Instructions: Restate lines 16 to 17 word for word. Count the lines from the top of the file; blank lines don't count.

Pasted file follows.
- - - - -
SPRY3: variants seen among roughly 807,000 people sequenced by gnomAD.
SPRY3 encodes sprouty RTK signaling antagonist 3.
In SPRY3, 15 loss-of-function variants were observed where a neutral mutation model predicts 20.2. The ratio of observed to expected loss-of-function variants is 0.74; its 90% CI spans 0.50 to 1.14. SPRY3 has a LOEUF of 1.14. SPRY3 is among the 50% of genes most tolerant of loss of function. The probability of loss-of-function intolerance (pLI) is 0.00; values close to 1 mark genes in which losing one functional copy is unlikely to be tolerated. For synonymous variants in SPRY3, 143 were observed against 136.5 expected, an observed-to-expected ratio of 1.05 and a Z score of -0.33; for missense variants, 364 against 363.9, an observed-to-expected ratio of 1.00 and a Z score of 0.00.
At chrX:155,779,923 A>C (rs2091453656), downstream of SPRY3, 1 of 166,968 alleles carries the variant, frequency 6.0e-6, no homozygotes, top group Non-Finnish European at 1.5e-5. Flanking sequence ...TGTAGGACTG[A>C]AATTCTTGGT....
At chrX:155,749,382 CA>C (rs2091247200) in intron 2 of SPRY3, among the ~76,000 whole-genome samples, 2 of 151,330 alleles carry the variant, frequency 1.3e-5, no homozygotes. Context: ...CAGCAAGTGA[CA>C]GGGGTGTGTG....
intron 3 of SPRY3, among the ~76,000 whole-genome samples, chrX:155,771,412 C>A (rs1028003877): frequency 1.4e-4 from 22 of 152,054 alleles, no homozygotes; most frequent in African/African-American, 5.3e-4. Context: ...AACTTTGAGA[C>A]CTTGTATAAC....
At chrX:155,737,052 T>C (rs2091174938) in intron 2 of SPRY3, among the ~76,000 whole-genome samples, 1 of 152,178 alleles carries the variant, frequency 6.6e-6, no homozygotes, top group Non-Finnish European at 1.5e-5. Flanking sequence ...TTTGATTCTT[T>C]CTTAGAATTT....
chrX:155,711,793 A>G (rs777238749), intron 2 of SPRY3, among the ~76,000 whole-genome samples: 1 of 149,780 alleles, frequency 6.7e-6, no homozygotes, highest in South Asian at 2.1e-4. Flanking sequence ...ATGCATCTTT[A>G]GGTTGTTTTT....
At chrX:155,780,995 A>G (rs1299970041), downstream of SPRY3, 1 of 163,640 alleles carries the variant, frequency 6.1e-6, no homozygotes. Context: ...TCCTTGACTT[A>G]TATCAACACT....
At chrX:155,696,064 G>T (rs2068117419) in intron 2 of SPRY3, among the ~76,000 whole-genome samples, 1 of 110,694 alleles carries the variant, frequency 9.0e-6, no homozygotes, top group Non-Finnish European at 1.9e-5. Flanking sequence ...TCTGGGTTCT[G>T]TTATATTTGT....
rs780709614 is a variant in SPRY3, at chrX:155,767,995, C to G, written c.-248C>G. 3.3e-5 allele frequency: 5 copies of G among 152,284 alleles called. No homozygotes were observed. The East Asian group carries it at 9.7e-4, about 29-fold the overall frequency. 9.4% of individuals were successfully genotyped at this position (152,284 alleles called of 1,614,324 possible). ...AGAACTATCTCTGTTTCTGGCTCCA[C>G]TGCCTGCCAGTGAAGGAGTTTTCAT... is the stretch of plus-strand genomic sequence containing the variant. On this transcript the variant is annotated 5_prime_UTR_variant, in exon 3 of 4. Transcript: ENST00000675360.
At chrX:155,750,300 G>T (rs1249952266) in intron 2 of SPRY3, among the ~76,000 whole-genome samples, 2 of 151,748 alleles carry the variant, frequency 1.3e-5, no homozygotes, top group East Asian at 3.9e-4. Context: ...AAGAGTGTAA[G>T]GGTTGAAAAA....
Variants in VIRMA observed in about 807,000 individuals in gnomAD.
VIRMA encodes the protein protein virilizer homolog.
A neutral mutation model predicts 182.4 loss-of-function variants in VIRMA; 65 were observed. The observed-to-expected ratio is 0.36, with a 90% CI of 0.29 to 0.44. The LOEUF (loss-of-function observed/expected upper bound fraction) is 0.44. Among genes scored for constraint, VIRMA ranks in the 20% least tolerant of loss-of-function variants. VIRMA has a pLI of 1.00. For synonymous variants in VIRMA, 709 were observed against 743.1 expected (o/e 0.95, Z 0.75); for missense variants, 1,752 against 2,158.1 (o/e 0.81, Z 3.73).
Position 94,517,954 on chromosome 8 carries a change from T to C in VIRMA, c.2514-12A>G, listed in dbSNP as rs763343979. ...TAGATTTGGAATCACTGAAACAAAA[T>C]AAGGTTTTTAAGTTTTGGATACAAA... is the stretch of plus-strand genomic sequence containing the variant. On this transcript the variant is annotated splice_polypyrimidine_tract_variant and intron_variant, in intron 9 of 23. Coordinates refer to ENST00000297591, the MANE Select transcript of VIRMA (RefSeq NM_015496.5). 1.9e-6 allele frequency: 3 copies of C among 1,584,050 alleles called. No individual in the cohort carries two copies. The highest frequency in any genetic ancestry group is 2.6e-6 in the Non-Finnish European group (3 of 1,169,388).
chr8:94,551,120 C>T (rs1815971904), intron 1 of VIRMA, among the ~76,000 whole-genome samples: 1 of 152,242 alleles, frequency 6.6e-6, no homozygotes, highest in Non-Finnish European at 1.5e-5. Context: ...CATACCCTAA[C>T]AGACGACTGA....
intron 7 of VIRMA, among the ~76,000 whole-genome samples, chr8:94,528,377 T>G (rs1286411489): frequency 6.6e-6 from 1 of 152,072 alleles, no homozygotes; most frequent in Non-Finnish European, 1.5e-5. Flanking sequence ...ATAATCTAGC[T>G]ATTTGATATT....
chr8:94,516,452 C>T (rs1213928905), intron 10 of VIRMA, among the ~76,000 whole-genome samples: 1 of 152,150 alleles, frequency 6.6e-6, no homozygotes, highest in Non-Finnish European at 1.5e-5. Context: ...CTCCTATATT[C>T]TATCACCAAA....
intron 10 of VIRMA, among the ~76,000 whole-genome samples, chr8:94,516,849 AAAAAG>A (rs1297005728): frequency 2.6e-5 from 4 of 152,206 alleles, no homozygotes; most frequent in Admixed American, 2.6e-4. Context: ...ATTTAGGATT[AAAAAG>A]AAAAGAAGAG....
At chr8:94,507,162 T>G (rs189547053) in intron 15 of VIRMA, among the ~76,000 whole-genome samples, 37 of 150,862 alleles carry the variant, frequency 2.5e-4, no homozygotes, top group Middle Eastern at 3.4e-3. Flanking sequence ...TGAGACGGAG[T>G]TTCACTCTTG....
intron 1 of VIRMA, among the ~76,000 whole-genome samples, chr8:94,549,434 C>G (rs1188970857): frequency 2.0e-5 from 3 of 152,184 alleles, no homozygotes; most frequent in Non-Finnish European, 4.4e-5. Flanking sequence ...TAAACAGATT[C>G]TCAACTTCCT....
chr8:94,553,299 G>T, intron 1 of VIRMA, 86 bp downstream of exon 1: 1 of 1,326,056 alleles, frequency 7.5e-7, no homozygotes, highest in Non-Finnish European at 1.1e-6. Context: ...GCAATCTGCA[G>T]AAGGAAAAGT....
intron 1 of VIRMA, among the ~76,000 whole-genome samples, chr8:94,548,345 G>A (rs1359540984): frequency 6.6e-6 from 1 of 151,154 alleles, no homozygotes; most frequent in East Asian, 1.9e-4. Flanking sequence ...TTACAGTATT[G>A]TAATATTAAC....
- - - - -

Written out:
Position 94,517,954 on chromosome 8 carries a change from T to C in VIRMA, c.2514-12A>G, listed in dbSNP as rs763343979. ...TAGATTTGGAATCACTGAAACAAAA[T>C]AAGGTTTTTAAGTTTTGGATACAAA... is the stretch of plus-strand genomic sequence containing the variant. On this transcript the variant is annotated splice_polypyrimidine_tract_variant and intron_variant, in intron 9 of 23. Coordinates refer to ENST00000297591, the MANE Select transcript of VIRMA (RefSeq NM_015496.5). 1.9e-6 allele frequency: 3 copies of C among 1,584,050 alleles called. No individual in the cohort carries two copies. The highest frequency in any genetic ancestry group is 2.6e-6 in the Non-Finnish European group (3 of 1,169,388).
chr8:94,551,120 C>T (rs1815971904), intron 1 of VIRMA, among the ~76,000 whole-genome samples: 1 of 152,242 alleles, frequency 6.6e-6, no homozygotes, highest in Non-Finnish European at 1.5e-5. Context: ...CATACCCTAA[C>T]AGACGACTGA....